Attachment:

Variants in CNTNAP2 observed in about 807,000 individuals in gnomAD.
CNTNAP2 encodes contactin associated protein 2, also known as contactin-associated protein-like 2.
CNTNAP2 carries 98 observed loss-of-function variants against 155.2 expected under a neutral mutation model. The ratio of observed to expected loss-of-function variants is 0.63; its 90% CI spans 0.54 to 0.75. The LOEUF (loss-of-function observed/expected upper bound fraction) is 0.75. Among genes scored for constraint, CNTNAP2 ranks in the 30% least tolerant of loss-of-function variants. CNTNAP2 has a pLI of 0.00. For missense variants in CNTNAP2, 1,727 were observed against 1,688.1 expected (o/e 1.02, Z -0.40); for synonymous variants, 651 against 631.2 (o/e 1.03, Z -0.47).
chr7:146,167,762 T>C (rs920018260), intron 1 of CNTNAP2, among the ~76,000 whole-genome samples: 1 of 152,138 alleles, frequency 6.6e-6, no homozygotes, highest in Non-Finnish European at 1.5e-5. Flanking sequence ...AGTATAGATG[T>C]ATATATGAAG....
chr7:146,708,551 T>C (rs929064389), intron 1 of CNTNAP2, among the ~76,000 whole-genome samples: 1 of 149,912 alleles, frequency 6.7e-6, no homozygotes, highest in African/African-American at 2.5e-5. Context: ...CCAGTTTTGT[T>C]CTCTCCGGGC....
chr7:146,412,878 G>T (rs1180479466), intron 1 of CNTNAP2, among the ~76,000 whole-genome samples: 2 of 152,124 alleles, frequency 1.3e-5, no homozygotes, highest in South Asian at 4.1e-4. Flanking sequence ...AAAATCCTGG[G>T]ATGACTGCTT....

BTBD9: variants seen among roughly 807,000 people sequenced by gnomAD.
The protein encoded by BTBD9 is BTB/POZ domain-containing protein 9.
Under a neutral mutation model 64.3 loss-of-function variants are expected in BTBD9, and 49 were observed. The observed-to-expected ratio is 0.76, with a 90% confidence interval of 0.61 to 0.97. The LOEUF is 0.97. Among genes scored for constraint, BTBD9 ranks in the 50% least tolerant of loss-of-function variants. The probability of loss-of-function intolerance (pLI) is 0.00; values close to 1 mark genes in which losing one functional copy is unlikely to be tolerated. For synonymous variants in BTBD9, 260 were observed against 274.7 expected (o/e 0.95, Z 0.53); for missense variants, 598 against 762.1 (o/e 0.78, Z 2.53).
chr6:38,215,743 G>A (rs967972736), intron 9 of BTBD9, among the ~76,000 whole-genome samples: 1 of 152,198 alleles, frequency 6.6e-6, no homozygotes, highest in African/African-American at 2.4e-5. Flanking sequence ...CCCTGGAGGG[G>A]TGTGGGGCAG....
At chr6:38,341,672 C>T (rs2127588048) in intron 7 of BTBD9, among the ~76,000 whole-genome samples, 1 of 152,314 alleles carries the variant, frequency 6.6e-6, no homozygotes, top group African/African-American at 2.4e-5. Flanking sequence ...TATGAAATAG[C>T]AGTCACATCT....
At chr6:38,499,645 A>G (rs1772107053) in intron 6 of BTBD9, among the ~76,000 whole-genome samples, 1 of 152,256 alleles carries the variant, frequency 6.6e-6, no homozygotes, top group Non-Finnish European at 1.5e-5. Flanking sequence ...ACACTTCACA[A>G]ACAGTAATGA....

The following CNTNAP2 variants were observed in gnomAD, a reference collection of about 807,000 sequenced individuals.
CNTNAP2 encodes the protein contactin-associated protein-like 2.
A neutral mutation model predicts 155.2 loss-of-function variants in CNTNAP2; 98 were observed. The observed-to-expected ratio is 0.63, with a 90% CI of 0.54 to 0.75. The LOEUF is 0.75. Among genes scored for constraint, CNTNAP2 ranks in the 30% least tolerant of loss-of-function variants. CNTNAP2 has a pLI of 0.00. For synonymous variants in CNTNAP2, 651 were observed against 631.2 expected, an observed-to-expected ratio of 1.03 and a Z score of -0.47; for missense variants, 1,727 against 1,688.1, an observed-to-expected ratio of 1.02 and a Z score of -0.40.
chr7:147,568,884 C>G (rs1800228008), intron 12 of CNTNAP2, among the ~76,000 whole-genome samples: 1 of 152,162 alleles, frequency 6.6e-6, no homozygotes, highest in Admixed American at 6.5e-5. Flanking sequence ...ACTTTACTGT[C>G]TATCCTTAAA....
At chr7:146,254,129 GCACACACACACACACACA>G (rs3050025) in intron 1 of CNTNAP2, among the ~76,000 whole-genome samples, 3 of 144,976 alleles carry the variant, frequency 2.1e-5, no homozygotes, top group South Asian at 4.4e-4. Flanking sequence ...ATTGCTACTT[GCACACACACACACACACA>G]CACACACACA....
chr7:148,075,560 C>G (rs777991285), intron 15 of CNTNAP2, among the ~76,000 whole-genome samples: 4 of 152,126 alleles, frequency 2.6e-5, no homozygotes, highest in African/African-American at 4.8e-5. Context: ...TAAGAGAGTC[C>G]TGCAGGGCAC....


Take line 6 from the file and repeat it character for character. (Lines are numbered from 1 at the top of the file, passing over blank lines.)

chr7:146,412,878 G>T (rs1180479466), intron 1 of CNTNAP2, among the ~76,000 whole-genome samples: 2 of 152,124 alleles, frequency 1.3e-5, no homozygotes, highest in South Asian at 4.1e-4. Flanking sequence ...AAAATCCTGG[G>T]ATGACTGCTT....